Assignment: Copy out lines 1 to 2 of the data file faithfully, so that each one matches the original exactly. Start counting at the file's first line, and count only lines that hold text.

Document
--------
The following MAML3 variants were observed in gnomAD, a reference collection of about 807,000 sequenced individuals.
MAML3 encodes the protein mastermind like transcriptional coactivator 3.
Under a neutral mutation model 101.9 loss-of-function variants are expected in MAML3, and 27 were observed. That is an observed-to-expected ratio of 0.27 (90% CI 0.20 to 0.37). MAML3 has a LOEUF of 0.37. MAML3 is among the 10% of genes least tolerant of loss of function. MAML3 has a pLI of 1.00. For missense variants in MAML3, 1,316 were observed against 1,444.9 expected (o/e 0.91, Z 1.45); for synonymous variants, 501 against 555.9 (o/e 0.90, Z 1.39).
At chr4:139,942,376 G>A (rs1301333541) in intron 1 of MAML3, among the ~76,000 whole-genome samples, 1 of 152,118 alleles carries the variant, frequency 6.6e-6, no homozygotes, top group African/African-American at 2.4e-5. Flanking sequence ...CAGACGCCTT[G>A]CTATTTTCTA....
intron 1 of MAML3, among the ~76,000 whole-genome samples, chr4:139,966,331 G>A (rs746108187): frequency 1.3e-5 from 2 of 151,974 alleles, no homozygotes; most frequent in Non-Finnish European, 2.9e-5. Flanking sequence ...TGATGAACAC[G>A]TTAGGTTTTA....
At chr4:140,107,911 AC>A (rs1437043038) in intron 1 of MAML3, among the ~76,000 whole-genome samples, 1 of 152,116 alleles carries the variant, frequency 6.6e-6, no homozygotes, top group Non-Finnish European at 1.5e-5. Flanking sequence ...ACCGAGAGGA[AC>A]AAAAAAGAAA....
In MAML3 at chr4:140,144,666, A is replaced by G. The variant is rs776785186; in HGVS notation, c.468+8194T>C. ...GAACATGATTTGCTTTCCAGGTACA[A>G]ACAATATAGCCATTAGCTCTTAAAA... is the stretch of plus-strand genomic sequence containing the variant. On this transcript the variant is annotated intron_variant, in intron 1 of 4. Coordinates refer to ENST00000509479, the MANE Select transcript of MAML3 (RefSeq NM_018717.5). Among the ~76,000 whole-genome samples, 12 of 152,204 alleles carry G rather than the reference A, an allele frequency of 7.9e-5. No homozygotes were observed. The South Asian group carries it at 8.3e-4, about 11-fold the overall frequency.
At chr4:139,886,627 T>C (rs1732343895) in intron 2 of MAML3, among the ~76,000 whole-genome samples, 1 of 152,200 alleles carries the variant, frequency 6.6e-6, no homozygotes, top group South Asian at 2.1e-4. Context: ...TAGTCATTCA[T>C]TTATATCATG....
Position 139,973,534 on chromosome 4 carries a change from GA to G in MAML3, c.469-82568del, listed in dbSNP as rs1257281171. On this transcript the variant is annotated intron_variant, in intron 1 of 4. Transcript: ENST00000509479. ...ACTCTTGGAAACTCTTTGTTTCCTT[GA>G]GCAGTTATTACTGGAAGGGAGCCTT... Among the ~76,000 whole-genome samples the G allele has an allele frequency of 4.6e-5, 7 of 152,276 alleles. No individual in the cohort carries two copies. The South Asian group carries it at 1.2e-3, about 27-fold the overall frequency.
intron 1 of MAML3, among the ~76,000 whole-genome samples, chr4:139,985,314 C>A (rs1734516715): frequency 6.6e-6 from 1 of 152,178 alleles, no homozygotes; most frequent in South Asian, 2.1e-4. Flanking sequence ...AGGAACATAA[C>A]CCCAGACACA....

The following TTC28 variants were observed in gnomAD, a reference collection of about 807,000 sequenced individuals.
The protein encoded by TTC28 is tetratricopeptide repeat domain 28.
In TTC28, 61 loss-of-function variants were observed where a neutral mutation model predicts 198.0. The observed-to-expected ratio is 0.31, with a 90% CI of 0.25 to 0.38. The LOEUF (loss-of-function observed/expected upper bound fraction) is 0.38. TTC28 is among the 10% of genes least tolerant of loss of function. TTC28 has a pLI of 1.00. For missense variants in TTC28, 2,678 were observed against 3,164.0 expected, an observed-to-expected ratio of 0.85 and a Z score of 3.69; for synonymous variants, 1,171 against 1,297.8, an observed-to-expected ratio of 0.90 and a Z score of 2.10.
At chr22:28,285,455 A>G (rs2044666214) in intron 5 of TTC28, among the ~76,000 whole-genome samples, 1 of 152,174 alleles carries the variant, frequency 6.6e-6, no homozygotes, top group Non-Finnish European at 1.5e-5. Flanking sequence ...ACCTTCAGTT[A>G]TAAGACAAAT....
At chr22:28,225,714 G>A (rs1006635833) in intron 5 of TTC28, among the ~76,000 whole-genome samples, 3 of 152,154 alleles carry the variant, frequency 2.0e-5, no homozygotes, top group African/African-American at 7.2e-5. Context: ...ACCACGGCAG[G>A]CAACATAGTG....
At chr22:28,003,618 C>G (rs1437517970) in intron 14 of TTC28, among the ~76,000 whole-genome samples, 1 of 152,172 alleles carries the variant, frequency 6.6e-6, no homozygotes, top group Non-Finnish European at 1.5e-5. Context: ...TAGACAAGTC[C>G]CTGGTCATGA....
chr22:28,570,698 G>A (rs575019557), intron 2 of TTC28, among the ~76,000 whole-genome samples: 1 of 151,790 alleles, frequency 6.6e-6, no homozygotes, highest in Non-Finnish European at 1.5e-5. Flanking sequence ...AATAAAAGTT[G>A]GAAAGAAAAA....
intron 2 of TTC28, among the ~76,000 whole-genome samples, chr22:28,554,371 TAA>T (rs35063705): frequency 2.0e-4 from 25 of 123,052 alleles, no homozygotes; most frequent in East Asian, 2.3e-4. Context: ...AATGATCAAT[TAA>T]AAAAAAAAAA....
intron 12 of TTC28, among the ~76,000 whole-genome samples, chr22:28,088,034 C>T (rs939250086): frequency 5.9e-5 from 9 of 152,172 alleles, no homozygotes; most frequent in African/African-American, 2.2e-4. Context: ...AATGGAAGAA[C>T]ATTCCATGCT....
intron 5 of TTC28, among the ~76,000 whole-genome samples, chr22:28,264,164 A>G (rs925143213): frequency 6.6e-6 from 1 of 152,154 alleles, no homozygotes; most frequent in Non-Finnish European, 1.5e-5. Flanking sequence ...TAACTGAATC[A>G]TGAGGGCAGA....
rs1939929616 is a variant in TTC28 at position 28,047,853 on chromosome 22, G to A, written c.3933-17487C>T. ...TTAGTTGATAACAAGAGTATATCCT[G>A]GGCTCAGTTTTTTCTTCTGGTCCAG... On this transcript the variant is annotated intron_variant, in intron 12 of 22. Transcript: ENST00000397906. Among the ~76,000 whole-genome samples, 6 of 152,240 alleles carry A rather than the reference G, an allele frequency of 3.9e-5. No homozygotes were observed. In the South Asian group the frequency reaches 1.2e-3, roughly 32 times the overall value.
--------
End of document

The following MAML3 variants were observed in gnomAD, a reference collection of about 807,000 sequenced individuals.
MAML3 encodes the protein mastermind like transcriptional coactivator 3.